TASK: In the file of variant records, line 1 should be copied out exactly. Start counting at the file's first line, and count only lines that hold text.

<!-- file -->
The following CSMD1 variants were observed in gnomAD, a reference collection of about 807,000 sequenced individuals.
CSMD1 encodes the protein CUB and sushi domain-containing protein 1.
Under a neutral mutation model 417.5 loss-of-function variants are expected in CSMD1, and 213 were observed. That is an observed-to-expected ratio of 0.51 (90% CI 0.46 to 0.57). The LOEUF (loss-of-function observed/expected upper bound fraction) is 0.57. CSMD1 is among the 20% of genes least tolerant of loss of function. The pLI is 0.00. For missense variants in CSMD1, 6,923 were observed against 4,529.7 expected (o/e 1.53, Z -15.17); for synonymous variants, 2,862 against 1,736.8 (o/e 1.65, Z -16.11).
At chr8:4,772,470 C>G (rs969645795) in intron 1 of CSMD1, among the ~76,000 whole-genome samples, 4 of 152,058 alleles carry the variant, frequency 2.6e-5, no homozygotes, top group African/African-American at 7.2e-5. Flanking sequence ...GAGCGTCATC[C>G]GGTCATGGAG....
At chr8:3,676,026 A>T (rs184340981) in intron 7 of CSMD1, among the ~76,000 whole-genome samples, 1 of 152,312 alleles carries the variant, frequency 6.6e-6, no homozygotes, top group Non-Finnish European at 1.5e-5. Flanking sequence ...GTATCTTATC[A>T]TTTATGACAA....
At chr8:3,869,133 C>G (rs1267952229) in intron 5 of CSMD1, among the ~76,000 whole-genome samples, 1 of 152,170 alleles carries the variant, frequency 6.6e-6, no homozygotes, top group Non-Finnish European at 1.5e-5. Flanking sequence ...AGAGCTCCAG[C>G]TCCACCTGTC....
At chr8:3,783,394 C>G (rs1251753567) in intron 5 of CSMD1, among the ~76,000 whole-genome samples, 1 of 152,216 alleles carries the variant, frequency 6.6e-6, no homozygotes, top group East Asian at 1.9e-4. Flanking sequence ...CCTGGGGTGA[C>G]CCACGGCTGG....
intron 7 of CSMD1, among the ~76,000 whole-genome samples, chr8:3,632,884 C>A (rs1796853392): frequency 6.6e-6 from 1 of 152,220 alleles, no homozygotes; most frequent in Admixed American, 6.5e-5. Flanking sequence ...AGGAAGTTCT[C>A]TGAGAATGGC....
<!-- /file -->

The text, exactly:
The following CSMD1 variants were observed in gnomAD, a reference collection of about 807,000 sequenced individuals.